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United States v. Wilson

United States District Court, W.D. Pennsylvania

March 23, 2017

UNITED STATES
v.
TIMOTHY WILSON

          OPINION AND ORDER

          Donetta W. Ambrose Senior Judge

         SYNOPSIS

         In this action, Defendant was convicted of violating 18 U.S.C. §§ 922(g)(1) and 924(e), and 26 U.S.C. § 5861(d). On January 16, 2013, Defendant was sentenced to a term of imprisonment of 262 months at Count 1 and 120 months at Count 2, to run concurrently, followed by a term of supervised release. Defendant's sentence was based, in part, on the Armed Career Criminal Act (“ACCA”), 18 U.S.C. § 924(e).[1] Before the Court is Defendant's Motion pursuant to 28 U.S.C. § 2255, arguing that his enhanced sentence is invalid. Also pending is the Government's Motion to Dismiss the Section 2255 Motion as untimely, and as a prohibited second or successive petition.[2] For the following reasons, the Motions filed by both Defendant and the Government will be denied.

         OPINION

         I. APPLICABLE STANDARDS

         A prisoner in federal custody may move to vacate his or her sentence under 28 U.S.C. § 2255(a) if such "sentence was imposed in violation of the Constitution or laws of the United States." 28 U.S.C. § 2255(a). "[R]elief under § 2255 is available only when 'the claimed error of law was a fundamental defect which inherently results in a complete miscarriage of justice, and ... present[s] exceptional circumstances where the need for the remedy afforded by the writ ... is apparent.'" United States v. Travillion, 759 F.3d 281, 288 (3d Cir. 2014) (quoting Davis v. United States, 417 U.S. 333, 346, 94 S.Ct. 2298, 41 L.Ed.2d 109 (1974)). A district court need not hold an evidentiary hearing on a Section 2255 motion if the motion, files, and records show conclusively that the defendant is not entitled to relief. United States v. Ritter, 93 F. App'x 402, 404 (3d Cir. 2004). In this case, an evidentiary hearing is unnecessary, and the Motion will be disposed of on the record.

         II. DEFENDANT'S MOTION

         A. Timeliness

         First, the Government contends that Defendant's Motion is a second or successive petition, prohibited absent appropriate certification by the Court of Appeals, and is also untimely. Defendant filed his first Motion to Vacate, pro se, on January 11, 2013, which was denied without prejudice because Defendant was represented by counsel at the time. At that point, Defendant had not yet been sentenced. He filed another Motion to Vacate, pro se, on July 10, 2015. In accordance with Miller notice, which tolled the limitations period for 120 days, Defendant elected to withdraw the July 10 Motion and file a new one. He then filed the Motion at bar, which was postmarked December 21, 2015 and docketed on January 6, 2016. Counsel was appointed on January 15, 2016, and was directed to file a supplemental brief. A supplemental brief was filed on May 5, 2016. The Government suggests that Defendant's Motion is untimely because it arises under Johnson v. United States, 559 U.S. 133, 130 S.Ct. 1265, 176 L.Ed.2d 1 (2010) (“Johnson 2010”), rather than Johnson v. United States, 135 S.Ct. 2551, 192 L.Ed.2d 569 (2015) (“Johnson 2015”). The Motion, however, is fairly read as raising an argument under Johnson 2015.[3] Under the circumstances, the pending Motion will neither be deemed a prohibited second or successive petition, nor untimely.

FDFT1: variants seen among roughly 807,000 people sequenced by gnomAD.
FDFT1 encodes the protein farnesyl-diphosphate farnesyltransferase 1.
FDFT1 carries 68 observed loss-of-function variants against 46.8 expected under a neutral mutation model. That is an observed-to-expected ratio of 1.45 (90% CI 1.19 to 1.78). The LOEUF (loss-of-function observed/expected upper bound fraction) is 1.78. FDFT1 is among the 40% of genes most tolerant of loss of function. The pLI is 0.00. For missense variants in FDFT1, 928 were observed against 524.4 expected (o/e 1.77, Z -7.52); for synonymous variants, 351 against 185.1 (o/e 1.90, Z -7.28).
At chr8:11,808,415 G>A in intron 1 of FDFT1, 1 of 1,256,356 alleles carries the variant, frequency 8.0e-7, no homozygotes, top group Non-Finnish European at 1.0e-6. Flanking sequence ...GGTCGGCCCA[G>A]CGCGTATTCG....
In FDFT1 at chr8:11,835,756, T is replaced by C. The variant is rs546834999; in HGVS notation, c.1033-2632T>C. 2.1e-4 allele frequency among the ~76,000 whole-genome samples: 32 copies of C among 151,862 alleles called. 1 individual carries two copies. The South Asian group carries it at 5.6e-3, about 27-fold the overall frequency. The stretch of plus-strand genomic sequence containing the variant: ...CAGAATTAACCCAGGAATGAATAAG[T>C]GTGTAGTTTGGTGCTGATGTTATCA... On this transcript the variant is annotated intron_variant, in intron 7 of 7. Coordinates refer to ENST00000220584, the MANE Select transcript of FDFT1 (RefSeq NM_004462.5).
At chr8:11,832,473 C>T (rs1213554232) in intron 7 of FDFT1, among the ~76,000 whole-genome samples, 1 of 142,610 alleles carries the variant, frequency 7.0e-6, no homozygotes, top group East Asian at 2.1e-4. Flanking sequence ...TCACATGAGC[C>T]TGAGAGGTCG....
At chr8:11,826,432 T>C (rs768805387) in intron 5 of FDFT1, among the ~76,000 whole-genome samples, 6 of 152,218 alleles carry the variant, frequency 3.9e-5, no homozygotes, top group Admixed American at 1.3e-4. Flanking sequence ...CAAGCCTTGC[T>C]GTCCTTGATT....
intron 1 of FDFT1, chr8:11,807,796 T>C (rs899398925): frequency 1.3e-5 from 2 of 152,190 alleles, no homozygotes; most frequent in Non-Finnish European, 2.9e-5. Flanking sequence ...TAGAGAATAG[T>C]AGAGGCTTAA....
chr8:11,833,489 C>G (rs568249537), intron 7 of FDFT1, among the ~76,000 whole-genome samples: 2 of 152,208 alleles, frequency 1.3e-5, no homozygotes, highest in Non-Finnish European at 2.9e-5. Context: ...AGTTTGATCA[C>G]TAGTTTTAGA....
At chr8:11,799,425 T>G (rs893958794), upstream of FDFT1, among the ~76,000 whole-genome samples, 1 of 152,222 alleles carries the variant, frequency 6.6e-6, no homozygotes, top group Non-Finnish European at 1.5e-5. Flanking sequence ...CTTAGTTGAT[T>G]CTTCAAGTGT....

B. Defendant's Motion

         Defendant's argument is limited to the contention that his prior convictions for Pennsylvania robbery, 18 Pa.C.S. § 3701, no longer support an ACCA sentence, because they could only have qualified as predicates under the residual clause invalidated by Johnson v. United States, __ U.S. __, 135 S.Ct. 2551, 192 L.Ed.2d 569 (2015). The Government responds that Defendant's robbery convictions qualify as predicate offenses under ACCA's “force” or “elements” clause, 18 U.S.C. § 924(e)(2)(B)(i), rather than under the now-invalid residual clause.[4] In this context, the Government bears the burden of demonstrating that a sentencing enhancement is valid. E.g., United States v. Sunday, No. 8-393, 2017 U.S. Dist. LEXIS 8264, at *2 (W.D. Pa. Jan. 20, 2017). Contrary to the Government's suggestion, Defendant does not bear the burden of demonstrating that he was sentenced under ACCA's residual clause. Id.

         Defendant's prior convictions arose under Pennsylvania's robbery statute, 18 Pa.C.S. § 3701, which has been held divisible and subject to a modified categorical approach. United States v. Blair, 734 F.3d 218, 225 (3d Cir, 2013). "[T]he 'modified categorical approach' [applicable to a divisible statute] permits a court to determine which statutory phrase was the basis for the conviction." Johnson v. United States, 559 U.S. 133, 144, 130 S.Ct. 1265, 176 L.Ed.2d 1 (2010) (citation omitted).

         In this case, the parties agree that Defendant's ACCA sentence rested on prior convictions for violating either 18 Pa.C.S. § 3701(a)(1)(i) or (a)(1)(ii), obviating the need for a full modified categorical analysis and its attendant inquiry into underlying judicial records if both subsections support qualifying predicate offenses. Other courts within this Circuit have found that both subsections do, indeed, qualify as predicate offenses under ACCA's force clause. United States v. Harris, No. 6-268, 2016 U.S. Dist. LEXIS 117070, at *44 (M.D. Pa. Aug. 31, 2016) (citing United States v. Dobbin, 629 F. App'x 448, 452 (3d Cir. 2015) (nonprecedential)); United States v. Maldonado, No. 10-288, 2016 U.S. Dist. LEXIS 105356, at **10, 13-14 (E.D. Pa. Aug. 9, 2016).[5] I am persuaded by this precedent, and will do likewise. Defendant's Motion must be denied.

         III. CERTIFICATE ...


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